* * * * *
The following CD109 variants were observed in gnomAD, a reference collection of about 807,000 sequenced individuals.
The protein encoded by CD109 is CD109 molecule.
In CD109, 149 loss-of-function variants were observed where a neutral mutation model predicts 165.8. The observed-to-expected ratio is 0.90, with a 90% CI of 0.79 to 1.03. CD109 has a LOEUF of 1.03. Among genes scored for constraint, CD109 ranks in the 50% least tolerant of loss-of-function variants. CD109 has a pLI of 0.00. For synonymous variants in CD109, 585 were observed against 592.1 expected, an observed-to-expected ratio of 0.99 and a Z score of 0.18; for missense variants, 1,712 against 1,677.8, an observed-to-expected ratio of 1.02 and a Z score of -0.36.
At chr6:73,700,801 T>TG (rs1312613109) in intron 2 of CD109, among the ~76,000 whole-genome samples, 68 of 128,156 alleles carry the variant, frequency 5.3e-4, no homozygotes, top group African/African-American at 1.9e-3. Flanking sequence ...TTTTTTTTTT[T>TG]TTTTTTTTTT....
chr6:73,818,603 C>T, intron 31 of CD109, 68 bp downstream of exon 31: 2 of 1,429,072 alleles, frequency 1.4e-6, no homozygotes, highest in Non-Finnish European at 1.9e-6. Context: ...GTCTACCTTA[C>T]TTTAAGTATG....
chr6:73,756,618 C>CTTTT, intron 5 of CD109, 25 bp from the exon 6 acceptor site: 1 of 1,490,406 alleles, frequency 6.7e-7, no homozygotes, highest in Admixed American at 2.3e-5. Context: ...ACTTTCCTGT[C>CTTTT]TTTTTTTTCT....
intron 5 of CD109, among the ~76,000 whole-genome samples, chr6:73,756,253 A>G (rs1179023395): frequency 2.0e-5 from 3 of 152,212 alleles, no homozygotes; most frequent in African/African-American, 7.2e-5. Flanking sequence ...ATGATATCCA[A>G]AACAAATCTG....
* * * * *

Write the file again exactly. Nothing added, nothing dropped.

The following CD109 variants were observed in gnomAD, a reference collection of about 807,000 sequenced individuals.
The protein encoded by CD109 is CD109 molecule.
In CD109, 149 loss-of-function variants were observed where a neutral mutation model predicts 165.8. The observed-to-expected ratio is 0.90, with a 90% CI of 0.79 to 1.03. CD109 has a LOEUF of 1.03. Among genes scored for constraint, CD109 ranks in the 50% least tolerant of loss-of-function variants. CD109 has a pLI of 0.00. For synonymous variants in CD109, 585 were observed against 592.1 expected, an observed-to-expected ratio of 0.99 and a Z score of 0.18; for missense variants, 1,712 against 1,677.8, an observed-to-expected ratio of 1.02 and a Z score of -0.36.
At chr6:73,700,801 T>TG (rs1312613109) in intron 2 of CD109, among the ~76,000 whole-genome samples, 68 of 128,156 alleles carry the variant, frequency 5.3e-4, no homozygotes, top group African/African-American at 1.9e-3. Flanking sequence ...TTTTTTTTTT[T>TG]TTTTTTTTTT....
chr6:73,818,603 C>T, intron 31 of CD109, 68 bp downstream of exon 31: 2 of 1,429,072 alleles, frequency 1.4e-6, no homozygotes, highest in Non-Finnish European at 1.9e-6. Context: ...GTCTACCTTA[C>T]TTTAAGTATG....
chr6:73,756,618 C>CTTTT, intron 5 of CD109, 25 bp from the exon 6 acceptor site: 1 of 1,490,406 alleles, frequency 6.7e-7, no homozygotes, highest in Admixed American at 2.3e-5. Context: ...ACTTTCCTGT[C>CTTTT]TTTTTTTTCT....
intron 5 of CD109, among the ~76,000 whole-genome samples, chr6:73,756,253 A>G (rs1179023395): frequency 2.0e-5 from 3 of 152,212 alleles, no homozygotes; most frequent in African/African-American, 7.2e-5. Flanking sequence ...ATGATATCCA[A>G]AACAAATCTG....